Nigerians’ greatest mistake
SIR: Perhaps what has continually militated against the development and progress of the Nigerian state is a very grave mistake the citizens make. The mistake Nigerians continue to make is to see whoever occupies the number one position as the major problem facing the country. Right now, all accusing fingers point directly at President Muhammadu Buhari, the man now in the eye of the storm.
The various accusations levelled against the president mostly because of the unprecedented spate of insecurity have resulted in some members of the National Assembly spearheading a motion for his impeachment. Yet the problem is really never with the number one citizen and whatever Nigeria is or has become is simply what the citizens as a whole have built over the years.
Under Nigeria’s prevailing situation, what magic can any number one citizen perform to put things in proper shape? All over Nigeria are various and varying forms of saboteurs. While leaders are accused of failure to fix the refineries leading to continuous importation of fuel, nobody seems to consider the nefarious activities of pipeline vandals who usually render every government’s effort useless with billions of naira going down the drain. For years, there had been clamour and suggestions for the diversification of the Nigerian economy from the crude oil. In order to achieve such objective, the current president closed the border to check the influx of foreign goods and smuggling of grains and other items into the country so that local farmers would be encouraged do their business most successfully. But majority of the citizens saw Muhammadu Buhari as an instant enemy by closing the borders.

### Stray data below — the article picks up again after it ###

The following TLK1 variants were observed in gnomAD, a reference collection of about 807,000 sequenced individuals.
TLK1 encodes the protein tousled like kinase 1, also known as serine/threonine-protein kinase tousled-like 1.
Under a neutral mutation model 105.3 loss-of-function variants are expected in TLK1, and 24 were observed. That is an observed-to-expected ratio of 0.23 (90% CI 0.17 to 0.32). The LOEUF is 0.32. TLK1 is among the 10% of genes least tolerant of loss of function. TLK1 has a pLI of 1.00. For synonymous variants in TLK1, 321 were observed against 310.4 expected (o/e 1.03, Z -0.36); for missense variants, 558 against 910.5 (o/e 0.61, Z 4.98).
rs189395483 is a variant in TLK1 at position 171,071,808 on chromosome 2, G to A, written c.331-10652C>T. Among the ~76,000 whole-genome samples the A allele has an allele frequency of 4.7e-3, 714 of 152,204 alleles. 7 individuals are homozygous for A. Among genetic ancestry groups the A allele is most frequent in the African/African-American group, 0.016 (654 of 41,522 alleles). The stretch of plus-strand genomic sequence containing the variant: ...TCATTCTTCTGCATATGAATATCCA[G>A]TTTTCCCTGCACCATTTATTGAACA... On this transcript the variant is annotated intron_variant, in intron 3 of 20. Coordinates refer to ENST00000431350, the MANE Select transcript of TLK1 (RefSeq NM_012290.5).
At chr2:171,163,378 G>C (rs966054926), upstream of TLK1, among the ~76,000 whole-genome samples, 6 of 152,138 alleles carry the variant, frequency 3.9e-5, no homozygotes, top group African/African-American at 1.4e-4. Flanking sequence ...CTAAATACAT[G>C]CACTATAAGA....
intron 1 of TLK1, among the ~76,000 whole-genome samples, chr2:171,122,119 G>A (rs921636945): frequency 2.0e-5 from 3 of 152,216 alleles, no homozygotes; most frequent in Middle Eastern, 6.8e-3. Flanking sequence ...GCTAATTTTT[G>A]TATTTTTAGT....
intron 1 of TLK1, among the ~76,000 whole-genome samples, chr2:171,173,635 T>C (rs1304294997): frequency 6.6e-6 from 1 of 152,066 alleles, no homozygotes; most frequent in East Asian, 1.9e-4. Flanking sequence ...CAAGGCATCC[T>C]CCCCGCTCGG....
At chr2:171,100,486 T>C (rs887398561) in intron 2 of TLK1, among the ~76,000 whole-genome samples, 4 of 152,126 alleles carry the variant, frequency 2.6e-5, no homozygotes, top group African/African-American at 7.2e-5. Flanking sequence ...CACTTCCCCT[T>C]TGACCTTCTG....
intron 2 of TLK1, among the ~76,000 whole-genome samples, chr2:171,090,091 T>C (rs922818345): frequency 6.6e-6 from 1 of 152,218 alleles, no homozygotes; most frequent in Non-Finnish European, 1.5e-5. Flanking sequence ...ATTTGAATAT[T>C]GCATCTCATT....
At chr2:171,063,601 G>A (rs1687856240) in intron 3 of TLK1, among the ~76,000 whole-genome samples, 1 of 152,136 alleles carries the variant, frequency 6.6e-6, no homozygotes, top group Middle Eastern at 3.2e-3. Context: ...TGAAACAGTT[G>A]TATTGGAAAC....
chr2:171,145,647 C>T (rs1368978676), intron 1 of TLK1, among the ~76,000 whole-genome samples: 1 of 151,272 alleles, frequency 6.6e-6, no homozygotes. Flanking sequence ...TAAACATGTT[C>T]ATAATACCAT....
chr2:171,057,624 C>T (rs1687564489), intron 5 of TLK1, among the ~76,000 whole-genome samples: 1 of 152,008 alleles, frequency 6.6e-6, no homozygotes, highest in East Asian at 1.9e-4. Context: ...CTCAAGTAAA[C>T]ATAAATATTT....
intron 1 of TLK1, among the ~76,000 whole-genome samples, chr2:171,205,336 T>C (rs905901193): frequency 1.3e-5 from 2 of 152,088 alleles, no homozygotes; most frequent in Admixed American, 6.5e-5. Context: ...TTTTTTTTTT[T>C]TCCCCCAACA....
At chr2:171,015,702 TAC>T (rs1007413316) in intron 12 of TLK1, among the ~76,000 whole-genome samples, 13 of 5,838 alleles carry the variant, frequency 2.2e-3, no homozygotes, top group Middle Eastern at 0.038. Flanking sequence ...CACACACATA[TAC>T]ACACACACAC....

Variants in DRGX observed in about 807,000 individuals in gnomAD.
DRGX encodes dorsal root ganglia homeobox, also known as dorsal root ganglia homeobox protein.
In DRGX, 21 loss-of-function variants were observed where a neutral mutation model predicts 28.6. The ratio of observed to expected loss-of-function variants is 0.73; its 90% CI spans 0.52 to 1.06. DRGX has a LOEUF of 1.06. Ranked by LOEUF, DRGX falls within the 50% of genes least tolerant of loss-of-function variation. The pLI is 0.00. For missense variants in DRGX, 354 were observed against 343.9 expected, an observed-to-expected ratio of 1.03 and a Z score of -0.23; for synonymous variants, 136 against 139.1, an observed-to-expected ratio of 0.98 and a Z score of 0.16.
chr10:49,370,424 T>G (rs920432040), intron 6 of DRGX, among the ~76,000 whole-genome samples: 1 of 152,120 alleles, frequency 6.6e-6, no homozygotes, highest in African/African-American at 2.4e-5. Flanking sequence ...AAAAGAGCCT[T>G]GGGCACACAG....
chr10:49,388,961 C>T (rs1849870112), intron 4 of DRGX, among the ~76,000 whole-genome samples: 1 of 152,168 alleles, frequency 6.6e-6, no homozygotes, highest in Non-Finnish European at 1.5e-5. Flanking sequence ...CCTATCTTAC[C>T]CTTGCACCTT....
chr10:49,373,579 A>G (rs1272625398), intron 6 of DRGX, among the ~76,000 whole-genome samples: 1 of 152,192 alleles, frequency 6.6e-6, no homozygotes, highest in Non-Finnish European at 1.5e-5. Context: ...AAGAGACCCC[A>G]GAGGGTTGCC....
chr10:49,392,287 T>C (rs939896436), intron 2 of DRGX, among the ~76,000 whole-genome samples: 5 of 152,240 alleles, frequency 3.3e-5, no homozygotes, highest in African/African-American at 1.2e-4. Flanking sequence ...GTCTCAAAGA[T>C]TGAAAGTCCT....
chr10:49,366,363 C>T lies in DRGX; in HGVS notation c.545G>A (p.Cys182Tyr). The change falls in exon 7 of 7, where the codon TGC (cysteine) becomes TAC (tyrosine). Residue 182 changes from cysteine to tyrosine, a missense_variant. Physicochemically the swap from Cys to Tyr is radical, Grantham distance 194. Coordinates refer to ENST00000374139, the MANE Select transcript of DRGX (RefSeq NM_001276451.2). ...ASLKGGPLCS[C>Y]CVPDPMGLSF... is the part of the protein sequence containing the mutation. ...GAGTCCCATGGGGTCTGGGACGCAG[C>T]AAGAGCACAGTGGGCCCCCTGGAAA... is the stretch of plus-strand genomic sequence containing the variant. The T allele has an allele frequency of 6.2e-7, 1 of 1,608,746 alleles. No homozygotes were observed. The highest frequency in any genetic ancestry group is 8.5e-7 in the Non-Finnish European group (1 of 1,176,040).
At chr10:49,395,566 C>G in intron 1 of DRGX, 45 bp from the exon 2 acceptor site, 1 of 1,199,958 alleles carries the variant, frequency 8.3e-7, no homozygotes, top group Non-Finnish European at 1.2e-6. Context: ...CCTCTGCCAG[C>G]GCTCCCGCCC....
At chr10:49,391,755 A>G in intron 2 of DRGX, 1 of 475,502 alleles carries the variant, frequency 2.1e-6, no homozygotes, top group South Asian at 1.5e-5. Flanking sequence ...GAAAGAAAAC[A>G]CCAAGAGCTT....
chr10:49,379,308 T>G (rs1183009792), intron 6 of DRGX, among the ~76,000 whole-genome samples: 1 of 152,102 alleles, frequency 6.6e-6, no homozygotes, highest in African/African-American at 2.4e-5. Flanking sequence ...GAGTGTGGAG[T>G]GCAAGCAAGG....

The truth of the Nigerian situation is that Nigerians themselves have succeeded in building a completely lawless and ungovernable nation, and no matter who occupies the number one position, he may never be able to make much impact. While the citizens are never ready to pay taxes to the government, they choose rather to pay them to their religious leaders instead. Yet, the same people who refuse to contribute to their own development will still continue to criticise their leaders for failure in various aspects. But as soon as Nigerians relocate to other lands, they are forced to learn the importance of taxes in national development.
Whether anyone believes it or not, the honest truth about Nigeria is that those working to pull the country down far outnumber those who desire a positive turn around for the country and under such a situation, no matter how hard any leader tries, he may never be able to make much impact or record any measure of success.
Jide Oyewusi, coordinator of Ethics Watch International, wrote in from Lagos.